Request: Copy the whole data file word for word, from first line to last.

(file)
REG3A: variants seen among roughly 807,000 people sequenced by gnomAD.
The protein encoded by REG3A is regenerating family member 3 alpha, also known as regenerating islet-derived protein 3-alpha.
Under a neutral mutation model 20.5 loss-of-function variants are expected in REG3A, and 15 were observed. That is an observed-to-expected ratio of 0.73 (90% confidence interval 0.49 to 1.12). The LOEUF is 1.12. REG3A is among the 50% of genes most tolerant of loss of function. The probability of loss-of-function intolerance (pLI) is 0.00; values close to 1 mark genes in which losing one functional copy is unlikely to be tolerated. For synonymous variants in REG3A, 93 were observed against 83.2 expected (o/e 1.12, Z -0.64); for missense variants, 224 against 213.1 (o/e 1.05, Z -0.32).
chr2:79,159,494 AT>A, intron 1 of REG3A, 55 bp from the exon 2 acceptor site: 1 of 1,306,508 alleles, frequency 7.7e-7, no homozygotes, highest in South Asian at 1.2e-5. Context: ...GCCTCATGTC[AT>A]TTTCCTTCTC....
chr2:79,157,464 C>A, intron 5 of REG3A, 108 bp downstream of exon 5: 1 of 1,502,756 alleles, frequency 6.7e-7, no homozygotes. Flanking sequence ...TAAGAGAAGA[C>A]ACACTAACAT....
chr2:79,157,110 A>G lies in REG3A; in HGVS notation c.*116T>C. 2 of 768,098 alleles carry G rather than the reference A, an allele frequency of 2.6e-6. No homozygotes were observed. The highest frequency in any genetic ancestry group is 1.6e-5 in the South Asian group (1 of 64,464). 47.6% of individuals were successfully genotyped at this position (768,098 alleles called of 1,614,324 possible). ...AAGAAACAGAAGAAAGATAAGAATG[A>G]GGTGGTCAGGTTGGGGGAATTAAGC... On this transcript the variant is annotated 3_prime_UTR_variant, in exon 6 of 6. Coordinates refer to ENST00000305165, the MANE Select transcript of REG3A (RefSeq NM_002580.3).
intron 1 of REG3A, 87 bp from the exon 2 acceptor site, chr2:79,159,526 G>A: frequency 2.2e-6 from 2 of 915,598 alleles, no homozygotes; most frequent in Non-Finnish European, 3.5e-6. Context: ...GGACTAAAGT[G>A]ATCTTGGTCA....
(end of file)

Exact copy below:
REG3A: variants seen among roughly 807,000 people sequenced by gnomAD.
The protein encoded by REG3A is regenerating family member 3 alpha, also known as regenerating islet-derived protein 3-alpha.
Under a neutral mutation model 20.5 loss-of-function variants are expected in REG3A, and 15 were observed. That is an observed-to-expected ratio of 0.73 (90% confidence interval 0.49 to 1.12). The LOEUF is 1.12. REG3A is among the 50% of genes most tolerant of loss of function. The probability of loss-of-function intolerance (pLI) is 0.00; values close to 1 mark genes in which losing one functional copy is unlikely to be tolerated. For synonymous variants in REG3A, 93 were observed against 83.2 expected (o/e 1.12, Z -0.64); for missense variants, 224 against 213.1 (o/e 1.05, Z -0.32).
chr2:79,159,494 AT>A, intron 1 of REG3A, 55 bp from the exon 2 acceptor site: 1 of 1,306,508 alleles, frequency 7.7e-7, no homozygotes, highest in South Asian at 1.2e-5. Context: ...GCCTCATGTC[AT>A]TTTCCTTCTC....
chr2:79,157,464 C>A, intron 5 of REG3A, 108 bp downstream of exon 5: 1 of 1,502,756 alleles, frequency 6.7e-7, no homozygotes. Flanking sequence ...TAAGAGAAGA[C>A]ACACTAACAT....
chr2:79,157,110 A>G lies in REG3A; in HGVS notation c.*116T>C. 2 of 768,098 alleles carry G rather than the reference A, an allele frequency of 2.6e-6. No homozygotes were observed. The highest frequency in any genetic ancestry group is 1.6e-5 in the South Asian group (1 of 64,464). 47.6% of individuals were successfully genotyped at this position (768,098 alleles called of 1,614,324 possible). ...AAGAAACAGAAGAAAGATAAGAATG[A>G]GGTGGTCAGGTTGGGGGAATTAAGC... On this transcript the variant is annotated 3_prime_UTR_variant, in exon 6 of 6. Coordinates refer to ENST00000305165, the MANE Select transcript of REG3A (RefSeq NM_002580.3).
intron 1 of REG3A, 87 bp from the exon 2 acceptor site, chr2:79,159,526 G>A: frequency 2.2e-6 from 2 of 915,598 alleles, no homozygotes; most frequent in Non-Finnish European, 3.5e-6. Context: ...GGACTAAAGT[G>A]ATCTTGGTCA....